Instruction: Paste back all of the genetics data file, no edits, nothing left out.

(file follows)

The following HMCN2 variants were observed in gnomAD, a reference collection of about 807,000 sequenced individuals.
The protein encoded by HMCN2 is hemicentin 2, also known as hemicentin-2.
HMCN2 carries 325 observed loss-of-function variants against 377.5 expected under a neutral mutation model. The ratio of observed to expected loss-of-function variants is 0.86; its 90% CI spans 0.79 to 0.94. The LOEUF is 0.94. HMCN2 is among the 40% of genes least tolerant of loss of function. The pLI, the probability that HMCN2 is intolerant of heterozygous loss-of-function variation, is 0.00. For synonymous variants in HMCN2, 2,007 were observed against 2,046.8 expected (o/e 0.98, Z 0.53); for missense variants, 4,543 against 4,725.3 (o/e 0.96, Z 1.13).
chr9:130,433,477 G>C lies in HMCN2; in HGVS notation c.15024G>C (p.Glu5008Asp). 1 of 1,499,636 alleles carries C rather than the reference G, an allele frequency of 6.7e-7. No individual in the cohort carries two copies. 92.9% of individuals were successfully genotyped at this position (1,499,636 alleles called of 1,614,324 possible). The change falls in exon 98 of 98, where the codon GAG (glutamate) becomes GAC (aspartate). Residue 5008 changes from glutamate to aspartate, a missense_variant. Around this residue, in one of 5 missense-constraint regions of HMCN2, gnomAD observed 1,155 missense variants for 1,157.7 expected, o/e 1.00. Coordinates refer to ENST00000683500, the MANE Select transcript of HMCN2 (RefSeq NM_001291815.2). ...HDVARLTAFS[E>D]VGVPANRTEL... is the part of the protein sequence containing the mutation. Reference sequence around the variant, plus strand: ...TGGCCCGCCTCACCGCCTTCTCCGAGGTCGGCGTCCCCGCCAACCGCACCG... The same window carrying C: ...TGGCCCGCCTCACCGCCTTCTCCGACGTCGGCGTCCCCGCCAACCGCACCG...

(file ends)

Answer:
The following HMCN2 variants were observed in gnomAD, a reference collection of about 807,000 sequenced individuals.
The protein encoded by HMCN2 is hemicentin 2, also known as hemicentin-2.
HMCN2 carries 325 observed loss-of-function variants against 377.5 expected under a neutral mutation model. The ratio of observed to expected loss-of-function variants is 0.86; its 90% CI spans 0.79 to 0.94. The LOEUF is 0.94. HMCN2 is among the 40% of genes least tolerant of loss of function. The pLI, the probability that HMCN2 is intolerant of heterozygous loss-of-function variation, is 0.00. For synonymous variants in HMCN2, 2,007 were observed against 2,046.8 expected (o/e 0.98, Z 0.53); for missense variants, 4,543 against 4,725.3 (o/e 0.96, Z 1.13).
chr9:130,433,477 G>C lies in HMCN2; in HGVS notation c.15024G>C (p.Glu5008Asp). 1 of 1,499,636 alleles carries C rather than the reference G, an allele frequency of 6.7e-7. No individual in the cohort carries two copies. 92.9% of individuals were successfully genotyped at this position (1,499,636 alleles called of 1,614,324 possible). The change falls in exon 98 of 98, where the codon GAG (glutamate) becomes GAC (aspartate). Residue 5008 changes from glutamate to aspartate, a missense_variant. Around this residue, in one of 5 missense-constraint regions of HMCN2, gnomAD observed 1,155 missense variants for 1,157.7 expected, o/e 1.00. Coordinates refer to ENST00000683500, the MANE Select transcript of HMCN2 (RefSeq NM_001291815.2). ...HDVARLTAFS[E>D]VGVPANRTEL... is the part of the protein sequence containing the mutation. Reference sequence around the variant, plus strand: ...TGGCCCGCCTCACCGCCTTCTCCGAGGTCGGCGTCCCCGCCAACCGCACCG... The same window carrying C: ...TGGCCCGCCTCACCGCCTTCTCCGACGTCGGCGTCCCCGCCAACCGCACCG...